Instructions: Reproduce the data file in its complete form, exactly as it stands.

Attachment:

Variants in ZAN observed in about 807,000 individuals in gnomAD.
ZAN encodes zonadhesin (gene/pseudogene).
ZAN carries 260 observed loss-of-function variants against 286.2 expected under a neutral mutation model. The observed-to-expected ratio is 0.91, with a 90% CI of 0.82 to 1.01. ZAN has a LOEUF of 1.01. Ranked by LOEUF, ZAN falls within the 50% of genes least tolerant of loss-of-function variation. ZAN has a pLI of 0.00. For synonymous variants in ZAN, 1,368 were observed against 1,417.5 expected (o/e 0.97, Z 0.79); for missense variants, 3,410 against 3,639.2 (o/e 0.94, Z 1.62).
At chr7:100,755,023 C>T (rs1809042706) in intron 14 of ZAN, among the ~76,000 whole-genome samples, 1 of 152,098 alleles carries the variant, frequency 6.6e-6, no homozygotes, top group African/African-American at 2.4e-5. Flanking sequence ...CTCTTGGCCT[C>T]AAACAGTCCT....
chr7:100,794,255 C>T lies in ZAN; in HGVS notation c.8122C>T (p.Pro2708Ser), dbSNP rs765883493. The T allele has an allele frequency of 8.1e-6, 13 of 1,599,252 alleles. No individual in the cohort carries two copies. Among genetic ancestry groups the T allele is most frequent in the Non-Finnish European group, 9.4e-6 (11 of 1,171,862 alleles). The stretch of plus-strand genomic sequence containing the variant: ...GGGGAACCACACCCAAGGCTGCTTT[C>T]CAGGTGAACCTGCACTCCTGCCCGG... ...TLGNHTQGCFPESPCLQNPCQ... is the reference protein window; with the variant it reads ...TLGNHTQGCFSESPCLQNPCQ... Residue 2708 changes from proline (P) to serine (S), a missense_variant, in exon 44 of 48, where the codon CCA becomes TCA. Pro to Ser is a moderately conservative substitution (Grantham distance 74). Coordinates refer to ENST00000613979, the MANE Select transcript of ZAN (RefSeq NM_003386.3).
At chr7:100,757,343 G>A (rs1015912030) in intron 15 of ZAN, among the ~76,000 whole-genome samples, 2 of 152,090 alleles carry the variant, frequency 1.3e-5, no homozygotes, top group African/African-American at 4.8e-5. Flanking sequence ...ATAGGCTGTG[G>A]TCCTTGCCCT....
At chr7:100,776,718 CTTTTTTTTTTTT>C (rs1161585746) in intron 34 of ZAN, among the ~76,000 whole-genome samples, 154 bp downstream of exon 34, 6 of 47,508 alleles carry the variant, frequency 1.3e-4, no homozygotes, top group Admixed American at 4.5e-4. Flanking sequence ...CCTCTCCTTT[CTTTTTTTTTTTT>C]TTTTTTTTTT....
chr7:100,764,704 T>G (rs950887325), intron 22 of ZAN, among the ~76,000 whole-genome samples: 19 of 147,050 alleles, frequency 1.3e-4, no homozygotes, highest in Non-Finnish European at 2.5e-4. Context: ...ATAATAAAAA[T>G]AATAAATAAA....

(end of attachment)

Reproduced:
Variants in ZAN observed in about 807,000 individuals in gnomAD.
ZAN encodes zonadhesin (gene/pseudogene).
ZAN carries 260 observed loss-of-function variants against 286.2 expected under a neutral mutation model. The observed-to-expected ratio is 0.91, with a 90% CI of 0.82 to 1.01. ZAN has a LOEUF of 1.01. Ranked by LOEUF, ZAN falls within the 50% of genes least tolerant of loss-of-function variation. ZAN has a pLI of 0.00. For synonymous variants in ZAN, 1,368 were observed against 1,417.5 expected (o/e 0.97, Z 0.79); for missense variants, 3,410 against 3,639.2 (o/e 0.94, Z 1.62).
At chr7:100,755,023 C>T (rs1809042706) in intron 14 of ZAN, among the ~76,000 whole-genome samples, 1 of 152,098 alleles carries the variant, frequency 6.6e-6, no homozygotes, top group African/African-American at 2.4e-5. Flanking sequence ...CTCTTGGCCT[C>T]AAACAGTCCT....
chr7:100,794,255 C>T lies in ZAN; in HGVS notation c.8122C>T (p.Pro2708Ser), dbSNP rs765883493. The T allele has an allele frequency of 8.1e-6, 13 of 1,599,252 alleles. No individual in the cohort carries two copies. Among genetic ancestry groups the T allele is most frequent in the Non-Finnish European group, 9.4e-6 (11 of 1,171,862 alleles). The stretch of plus-strand genomic sequence containing the variant: ...GGGGAACCACACCCAAGGCTGCTTT[C>T]CAGGTGAACCTGCACTCCTGCCCGG... ...TLGNHTQGCFPESPCLQNPCQ... is the reference protein window; with the variant it reads ...TLGNHTQGCFSESPCLQNPCQ... Residue 2708 changes from proline (P) to serine (S), a missense_variant, in exon 44 of 48, where the codon CCA becomes TCA. Pro to Ser is a moderately conservative substitution (Grantham distance 74). Coordinates refer to ENST00000613979, the MANE Select transcript of ZAN (RefSeq NM_003386.3).
At chr7:100,757,343 G>A (rs1015912030) in intron 15 of ZAN, among the ~76,000 whole-genome samples, 2 of 152,090 alleles carry the variant, frequency 1.3e-5, no homozygotes, top group African/African-American at 4.8e-5. Flanking sequence ...ATAGGCTGTG[G>A]TCCTTGCCCT....
At chr7:100,776,718 CTTTTTTTTTTTT>C (rs1161585746) in intron 34 of ZAN, among the ~76,000 whole-genome samples, 154 bp downstream of exon 34, 6 of 47,508 alleles carry the variant, frequency 1.3e-4, no homozygotes, top group Admixed American at 4.5e-4. Flanking sequence ...CCTCTCCTTT[CTTTTTTTTTTTT>C]TTTTTTTTTT....
chr7:100,764,704 T>G (rs950887325), intron 22 of ZAN, among the ~76,000 whole-genome samples: 19 of 147,050 alleles, frequency 1.3e-4, no homozygotes, highest in Non-Finnish European at 2.5e-4. Context: ...ATAATAAAAA[T>G]AATAAATAAA....